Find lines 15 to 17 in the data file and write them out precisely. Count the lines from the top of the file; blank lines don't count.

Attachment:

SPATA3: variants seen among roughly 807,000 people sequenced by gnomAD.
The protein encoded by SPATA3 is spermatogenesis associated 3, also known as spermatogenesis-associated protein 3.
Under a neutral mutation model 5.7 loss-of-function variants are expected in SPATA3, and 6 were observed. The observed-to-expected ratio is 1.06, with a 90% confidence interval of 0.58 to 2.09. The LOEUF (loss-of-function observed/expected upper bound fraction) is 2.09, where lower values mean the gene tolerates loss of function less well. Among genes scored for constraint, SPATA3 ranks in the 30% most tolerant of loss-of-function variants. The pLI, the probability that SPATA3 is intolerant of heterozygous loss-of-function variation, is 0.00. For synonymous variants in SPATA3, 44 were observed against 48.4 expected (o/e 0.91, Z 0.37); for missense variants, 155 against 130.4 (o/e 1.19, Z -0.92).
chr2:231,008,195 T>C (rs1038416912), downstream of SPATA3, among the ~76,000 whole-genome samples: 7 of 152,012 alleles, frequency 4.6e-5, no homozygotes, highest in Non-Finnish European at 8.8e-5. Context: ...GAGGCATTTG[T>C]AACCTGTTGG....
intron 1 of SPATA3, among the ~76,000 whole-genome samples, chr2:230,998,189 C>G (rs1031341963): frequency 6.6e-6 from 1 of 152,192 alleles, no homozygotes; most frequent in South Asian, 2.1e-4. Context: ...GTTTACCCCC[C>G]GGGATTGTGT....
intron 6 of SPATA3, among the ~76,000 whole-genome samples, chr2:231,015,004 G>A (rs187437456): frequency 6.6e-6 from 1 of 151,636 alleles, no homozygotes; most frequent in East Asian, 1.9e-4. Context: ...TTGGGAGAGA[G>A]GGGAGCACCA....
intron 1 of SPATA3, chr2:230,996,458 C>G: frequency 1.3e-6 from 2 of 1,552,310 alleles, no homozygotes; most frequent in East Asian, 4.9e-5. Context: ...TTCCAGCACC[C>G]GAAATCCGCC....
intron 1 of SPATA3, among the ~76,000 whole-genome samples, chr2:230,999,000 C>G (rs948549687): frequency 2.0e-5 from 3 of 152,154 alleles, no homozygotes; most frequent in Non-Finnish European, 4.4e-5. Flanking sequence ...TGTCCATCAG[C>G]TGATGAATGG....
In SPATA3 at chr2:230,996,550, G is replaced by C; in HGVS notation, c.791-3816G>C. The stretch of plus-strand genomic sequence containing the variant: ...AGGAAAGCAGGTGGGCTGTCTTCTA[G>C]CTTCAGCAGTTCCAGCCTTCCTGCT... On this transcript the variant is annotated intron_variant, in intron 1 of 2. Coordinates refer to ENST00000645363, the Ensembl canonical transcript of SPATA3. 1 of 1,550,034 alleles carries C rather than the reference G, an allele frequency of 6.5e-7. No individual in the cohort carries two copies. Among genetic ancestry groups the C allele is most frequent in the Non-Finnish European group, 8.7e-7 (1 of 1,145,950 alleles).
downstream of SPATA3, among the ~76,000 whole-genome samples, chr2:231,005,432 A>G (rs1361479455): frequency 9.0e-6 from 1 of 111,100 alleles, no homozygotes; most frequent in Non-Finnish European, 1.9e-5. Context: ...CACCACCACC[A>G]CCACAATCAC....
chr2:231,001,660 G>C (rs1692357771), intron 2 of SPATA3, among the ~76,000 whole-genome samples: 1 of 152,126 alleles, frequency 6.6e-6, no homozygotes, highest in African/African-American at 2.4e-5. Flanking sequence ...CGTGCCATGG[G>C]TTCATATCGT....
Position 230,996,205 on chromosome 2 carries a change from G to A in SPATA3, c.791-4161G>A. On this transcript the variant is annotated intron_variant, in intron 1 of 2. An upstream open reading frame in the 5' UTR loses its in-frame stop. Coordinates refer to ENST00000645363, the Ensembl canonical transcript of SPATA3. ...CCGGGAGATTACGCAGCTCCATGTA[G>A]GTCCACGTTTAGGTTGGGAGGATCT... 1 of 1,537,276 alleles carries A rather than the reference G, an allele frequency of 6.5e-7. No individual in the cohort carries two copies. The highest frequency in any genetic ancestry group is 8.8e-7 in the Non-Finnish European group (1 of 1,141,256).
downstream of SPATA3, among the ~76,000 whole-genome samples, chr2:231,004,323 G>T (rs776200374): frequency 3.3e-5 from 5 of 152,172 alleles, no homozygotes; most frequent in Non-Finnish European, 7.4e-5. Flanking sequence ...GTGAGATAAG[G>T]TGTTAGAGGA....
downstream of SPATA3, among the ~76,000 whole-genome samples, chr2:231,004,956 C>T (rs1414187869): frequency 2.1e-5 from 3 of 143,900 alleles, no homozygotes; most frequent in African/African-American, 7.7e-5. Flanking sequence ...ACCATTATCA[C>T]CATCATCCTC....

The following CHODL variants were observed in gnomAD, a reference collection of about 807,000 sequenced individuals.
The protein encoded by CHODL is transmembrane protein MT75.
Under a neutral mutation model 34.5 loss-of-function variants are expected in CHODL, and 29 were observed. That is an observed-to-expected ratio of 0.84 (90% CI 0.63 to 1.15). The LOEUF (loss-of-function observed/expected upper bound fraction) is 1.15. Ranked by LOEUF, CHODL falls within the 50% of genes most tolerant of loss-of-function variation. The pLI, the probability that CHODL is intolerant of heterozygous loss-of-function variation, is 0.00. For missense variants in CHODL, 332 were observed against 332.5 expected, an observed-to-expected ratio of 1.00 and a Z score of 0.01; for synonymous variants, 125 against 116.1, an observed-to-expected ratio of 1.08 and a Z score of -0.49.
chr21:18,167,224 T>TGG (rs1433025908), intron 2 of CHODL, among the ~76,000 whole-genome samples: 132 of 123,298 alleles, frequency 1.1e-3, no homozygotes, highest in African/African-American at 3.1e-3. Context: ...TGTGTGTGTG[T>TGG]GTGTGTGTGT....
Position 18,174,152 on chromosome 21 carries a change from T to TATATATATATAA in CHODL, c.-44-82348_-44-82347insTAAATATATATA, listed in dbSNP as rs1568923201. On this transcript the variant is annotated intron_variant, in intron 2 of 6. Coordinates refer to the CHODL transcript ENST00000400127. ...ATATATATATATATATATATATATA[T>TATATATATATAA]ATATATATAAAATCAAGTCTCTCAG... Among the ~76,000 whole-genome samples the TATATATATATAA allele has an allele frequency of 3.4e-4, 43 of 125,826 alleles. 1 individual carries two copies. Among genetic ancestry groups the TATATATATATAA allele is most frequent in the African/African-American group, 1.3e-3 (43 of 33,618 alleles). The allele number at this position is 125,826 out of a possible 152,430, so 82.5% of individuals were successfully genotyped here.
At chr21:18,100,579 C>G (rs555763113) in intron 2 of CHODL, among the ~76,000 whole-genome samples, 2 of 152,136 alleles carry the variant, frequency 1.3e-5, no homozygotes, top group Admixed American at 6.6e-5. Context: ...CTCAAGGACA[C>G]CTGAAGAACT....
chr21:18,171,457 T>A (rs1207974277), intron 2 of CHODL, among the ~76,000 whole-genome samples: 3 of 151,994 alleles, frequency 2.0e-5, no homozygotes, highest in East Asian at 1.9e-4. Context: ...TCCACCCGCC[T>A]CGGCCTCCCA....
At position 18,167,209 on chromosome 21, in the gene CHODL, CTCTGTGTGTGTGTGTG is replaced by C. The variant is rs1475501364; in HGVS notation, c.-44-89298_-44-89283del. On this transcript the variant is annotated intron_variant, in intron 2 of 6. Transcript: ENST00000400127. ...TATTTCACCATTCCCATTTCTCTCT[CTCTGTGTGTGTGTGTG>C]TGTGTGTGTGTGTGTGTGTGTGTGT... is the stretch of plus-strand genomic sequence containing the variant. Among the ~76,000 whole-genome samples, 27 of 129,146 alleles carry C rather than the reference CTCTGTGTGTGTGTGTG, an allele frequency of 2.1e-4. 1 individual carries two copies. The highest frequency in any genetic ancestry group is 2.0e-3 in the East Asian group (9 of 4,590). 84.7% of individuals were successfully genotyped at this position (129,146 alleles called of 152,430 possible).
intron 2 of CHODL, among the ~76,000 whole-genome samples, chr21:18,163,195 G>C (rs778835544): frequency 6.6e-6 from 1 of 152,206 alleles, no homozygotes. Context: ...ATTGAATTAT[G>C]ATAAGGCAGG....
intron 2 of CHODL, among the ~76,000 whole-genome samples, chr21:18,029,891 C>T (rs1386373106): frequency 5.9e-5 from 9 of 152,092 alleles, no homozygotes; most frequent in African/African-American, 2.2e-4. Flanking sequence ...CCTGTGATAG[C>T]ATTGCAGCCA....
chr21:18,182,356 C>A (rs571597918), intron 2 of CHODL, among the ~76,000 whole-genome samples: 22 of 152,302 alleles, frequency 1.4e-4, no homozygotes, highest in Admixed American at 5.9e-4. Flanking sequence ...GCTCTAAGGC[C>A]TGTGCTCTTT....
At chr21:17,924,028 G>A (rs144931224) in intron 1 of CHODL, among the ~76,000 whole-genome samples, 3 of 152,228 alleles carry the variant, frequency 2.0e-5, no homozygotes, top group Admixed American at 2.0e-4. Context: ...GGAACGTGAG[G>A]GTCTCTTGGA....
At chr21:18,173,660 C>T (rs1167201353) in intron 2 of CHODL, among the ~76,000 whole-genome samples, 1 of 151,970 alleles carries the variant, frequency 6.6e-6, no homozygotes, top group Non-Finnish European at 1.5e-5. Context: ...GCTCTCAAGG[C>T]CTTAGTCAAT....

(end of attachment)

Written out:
The following CHODL variants were observed in gnomAD, a reference collection of about 807,000 sequenced individuals.
The protein encoded by CHODL is transmembrane protein MT75.
Under a neutral mutation model 34.5 loss-of-function variants are expected in CHODL, and 29 were observed. That is an observed-to-expected ratio of 0.84 (90% CI 0.63 to 1.15). The LOEUF (loss-of-function observed/expected upper bound fraction) is 1.15. Ranked by LOEUF, CHODL falls within the 50% of genes most tolerant of loss-of-function variation. The pLI, the probability that CHODL is intolerant of heterozygous loss-of-function variation, is 0.00. For missense variants in CHODL, 332 were observed against 332.5 expected, an observed-to-expected ratio of 1.00 and a Z score of 0.01; for synonymous variants, 125 against 116.1, an observed-to-expected ratio of 1.08 and a Z score of -0.49.